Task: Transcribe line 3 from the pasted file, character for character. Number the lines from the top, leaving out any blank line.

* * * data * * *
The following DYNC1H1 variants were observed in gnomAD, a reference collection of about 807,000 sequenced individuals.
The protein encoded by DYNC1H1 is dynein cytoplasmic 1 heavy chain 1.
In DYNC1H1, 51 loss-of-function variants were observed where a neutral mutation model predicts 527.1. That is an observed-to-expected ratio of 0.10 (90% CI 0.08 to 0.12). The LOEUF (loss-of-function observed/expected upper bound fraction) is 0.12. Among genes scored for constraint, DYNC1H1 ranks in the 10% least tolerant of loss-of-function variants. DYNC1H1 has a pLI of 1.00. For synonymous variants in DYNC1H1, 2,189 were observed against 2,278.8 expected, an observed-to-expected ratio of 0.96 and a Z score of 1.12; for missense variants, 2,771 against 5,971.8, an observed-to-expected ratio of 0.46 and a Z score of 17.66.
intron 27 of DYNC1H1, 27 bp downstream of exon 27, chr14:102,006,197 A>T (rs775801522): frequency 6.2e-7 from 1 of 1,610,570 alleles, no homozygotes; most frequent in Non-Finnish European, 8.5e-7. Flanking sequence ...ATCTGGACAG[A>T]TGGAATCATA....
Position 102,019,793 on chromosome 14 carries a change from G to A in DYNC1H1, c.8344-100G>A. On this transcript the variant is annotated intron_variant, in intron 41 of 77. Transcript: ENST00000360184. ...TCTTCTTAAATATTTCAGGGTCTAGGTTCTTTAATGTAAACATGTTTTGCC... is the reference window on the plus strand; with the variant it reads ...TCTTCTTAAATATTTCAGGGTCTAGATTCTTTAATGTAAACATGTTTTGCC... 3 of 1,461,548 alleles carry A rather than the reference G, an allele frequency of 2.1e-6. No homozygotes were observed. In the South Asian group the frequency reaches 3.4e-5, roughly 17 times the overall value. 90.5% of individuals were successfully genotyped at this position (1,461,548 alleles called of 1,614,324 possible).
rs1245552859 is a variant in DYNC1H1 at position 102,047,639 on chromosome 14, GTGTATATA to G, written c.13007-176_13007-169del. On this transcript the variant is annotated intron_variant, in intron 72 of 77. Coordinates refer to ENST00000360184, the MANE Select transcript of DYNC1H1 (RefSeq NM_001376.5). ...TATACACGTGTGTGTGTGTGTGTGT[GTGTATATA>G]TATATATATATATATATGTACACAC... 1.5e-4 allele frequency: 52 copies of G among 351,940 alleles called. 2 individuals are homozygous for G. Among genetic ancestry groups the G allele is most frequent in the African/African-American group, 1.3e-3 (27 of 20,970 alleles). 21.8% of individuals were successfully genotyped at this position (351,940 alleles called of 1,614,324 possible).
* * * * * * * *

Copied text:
In DYNC1H1, 51 loss-of-function variants were observed where a neutral mutation model predicts 527.1. That is an observed-to-expected ratio of 0.10 (90% CI 0.08 to 0.12). The LOEUF (loss-of-function observed/expected upper bound fraction) is 0.12. Among genes scored for constraint, DYNC1H1 ranks in the 10% least tolerant of loss-of-function variants. DYNC1H1 has a pLI of 1.00. For synonymous variants in DYNC1H1, 2,189 were observed against 2,278.8 expected, an observed-to-expected ratio of 0.96 and a Z score of 1.12; for missense variants, 2,771 against 5,971.8, an observed-to-expected ratio of 0.46 and a Z score of 17.66.